In a new piece for New York Magazine’s The Cut, journalist Ruth Graham examines a new breed of models-turned-evangelicals, whose disenchantment of the realities of the modeling industry, which include eating disorders, drugs and selling of sexualization, lead them to the church – and RadarOnline.com has the details.
Nicole Weider was never a household name, but the Elite Model, who moved to Los Angeles from Salem, Oregon, was never fulfilled by her career in front of the camera, with a “Hometown Hotties” shoot for Maxim making her feel “humiliated” and a stand-in job for Adriana Lima at Victoria’s Secret disillusioning.
“The women, Weider’s idols, were shockingly skinny, and yet the photographer’s assistant bragged to her about retouching Gisele Bündchen’s thighs on site,” writes Graham.
“I just thought, ‘Wow, this is so false,’” Weider recalled recently. “After that I was like, ‘Wow, I have to share this news with everyone!'”
Finding God at 23 with the help of her friend, Former Miss USA contestant Sheri Rose Shepherd, she started the website Project Inspired, where she preaches an evangelical message. Last year, she even campaigned against Cosmopolitan magazine.
“This magazine has the devil written all over it,” she wrote online. “He wants to kill and destroy young girls' hearts and minds and Cosmopolitan is just a vessel for that.” Her site now earns about 100,000 visits a month and she just sold a book to a “well-known Christian publisher.”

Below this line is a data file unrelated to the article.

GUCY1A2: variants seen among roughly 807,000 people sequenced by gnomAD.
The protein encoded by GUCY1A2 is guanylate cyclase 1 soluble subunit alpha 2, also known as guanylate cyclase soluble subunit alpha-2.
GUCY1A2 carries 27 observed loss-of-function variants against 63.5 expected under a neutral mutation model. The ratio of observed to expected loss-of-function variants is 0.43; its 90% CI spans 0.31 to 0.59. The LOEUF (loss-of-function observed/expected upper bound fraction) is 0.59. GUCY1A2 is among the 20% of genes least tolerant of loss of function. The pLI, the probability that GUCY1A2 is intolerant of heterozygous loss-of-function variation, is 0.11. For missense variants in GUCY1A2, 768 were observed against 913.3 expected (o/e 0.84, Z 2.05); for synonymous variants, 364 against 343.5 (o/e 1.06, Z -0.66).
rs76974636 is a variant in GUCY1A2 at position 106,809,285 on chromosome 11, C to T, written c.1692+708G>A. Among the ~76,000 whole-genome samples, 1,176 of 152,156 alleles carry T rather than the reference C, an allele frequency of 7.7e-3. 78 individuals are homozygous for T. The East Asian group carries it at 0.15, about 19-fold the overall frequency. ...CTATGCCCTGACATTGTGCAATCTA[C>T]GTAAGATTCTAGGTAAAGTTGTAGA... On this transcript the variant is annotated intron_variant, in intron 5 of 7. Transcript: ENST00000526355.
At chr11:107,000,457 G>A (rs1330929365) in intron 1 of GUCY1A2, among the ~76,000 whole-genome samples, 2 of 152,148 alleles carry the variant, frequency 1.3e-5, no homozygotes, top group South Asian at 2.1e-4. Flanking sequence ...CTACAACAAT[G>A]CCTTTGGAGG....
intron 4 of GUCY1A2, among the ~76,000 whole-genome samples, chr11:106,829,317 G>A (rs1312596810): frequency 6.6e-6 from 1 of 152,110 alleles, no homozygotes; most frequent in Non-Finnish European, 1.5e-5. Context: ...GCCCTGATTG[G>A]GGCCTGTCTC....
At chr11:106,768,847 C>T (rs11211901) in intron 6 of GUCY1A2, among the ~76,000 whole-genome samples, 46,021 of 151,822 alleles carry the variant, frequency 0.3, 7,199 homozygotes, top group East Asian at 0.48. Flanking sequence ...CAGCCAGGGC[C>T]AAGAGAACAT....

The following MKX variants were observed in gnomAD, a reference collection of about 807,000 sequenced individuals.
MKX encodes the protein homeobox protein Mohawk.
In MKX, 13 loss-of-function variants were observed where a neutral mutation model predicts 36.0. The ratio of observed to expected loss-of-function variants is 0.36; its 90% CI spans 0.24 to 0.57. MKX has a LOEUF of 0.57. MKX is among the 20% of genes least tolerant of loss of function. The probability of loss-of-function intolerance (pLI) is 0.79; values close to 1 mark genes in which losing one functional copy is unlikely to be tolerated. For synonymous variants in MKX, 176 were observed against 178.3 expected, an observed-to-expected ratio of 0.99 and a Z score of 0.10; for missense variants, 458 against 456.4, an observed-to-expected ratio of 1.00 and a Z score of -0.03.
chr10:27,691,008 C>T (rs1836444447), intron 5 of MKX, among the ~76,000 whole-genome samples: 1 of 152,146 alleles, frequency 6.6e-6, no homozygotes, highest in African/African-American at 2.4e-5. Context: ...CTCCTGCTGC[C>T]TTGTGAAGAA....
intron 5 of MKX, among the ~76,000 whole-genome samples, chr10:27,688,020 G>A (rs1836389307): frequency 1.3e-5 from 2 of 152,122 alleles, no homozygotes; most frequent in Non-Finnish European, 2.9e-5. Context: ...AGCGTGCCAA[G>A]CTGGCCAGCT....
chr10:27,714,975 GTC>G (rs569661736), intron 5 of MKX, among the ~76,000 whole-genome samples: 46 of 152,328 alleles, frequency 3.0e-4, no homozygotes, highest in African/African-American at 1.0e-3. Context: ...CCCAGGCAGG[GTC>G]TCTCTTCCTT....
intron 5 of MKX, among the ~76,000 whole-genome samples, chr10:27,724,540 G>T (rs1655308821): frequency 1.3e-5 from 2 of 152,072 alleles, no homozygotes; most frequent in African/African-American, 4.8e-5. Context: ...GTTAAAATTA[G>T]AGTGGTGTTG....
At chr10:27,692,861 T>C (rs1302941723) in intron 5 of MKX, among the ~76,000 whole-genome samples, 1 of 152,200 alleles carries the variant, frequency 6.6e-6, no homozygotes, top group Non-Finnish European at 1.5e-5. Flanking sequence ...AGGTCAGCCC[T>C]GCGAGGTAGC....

Weider, along with Bisutti, America’s Next Top Model’s Leah Darrow, Jennifer Strickland and Rachel Lee Carter are just a few of the models who are preaching about the dangers of the industry, and all the toxic things they have witnessed or experienced, according to Weider.
“These women boast different levels of industry success, but many describe a crystallizing moment of abject horror at the fashion world’s vices, which they may or may not have dabbled in,” she explains.
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“Most of them struggled with eating disorders or depression, and now preach a message of modesty and self-esteem. And they do so while keeping a traditionally feminine look: They’re all slim, almost all of them have long hair, they wear plenty of makeup and jewelry, and they choose stylish, if not fashion-forward, clothing.”
Strickland, whose upcoming book Beautiful Lies urges women to not to let “men, mirrors, and magazines” define them, spent years modeling on the runways in Milan, attempted suicide during her successful stint as a model, and then her life changed when she met people handing out bibles in a park.
“You had to be anorexic to be an Armani runway model,” she revealed to Weider. “I don’t see any other option.”
Rachel Lee Carter’s experience is a little different from the other girls – because after quitting the industry, heading to bible college and losing weight “naturally” the now-38-year-old, claims that her religion drew her back to modeling.
“The Lord was saying, ‘Go back, but go on my terms,’” she recalls. “Unbelievably, I worked more than I could have ever imagined.
“No alcohol advertisements, no cigarettes, nothing provocative, no lingerie or anything see-through, or anything homosexual in nature,” she added.
“In the book of Daniel, it says in the first chapter that Daniel ‘purposed in his heart’ not to defile his body. That’s the cornerstone of my work in this industry.”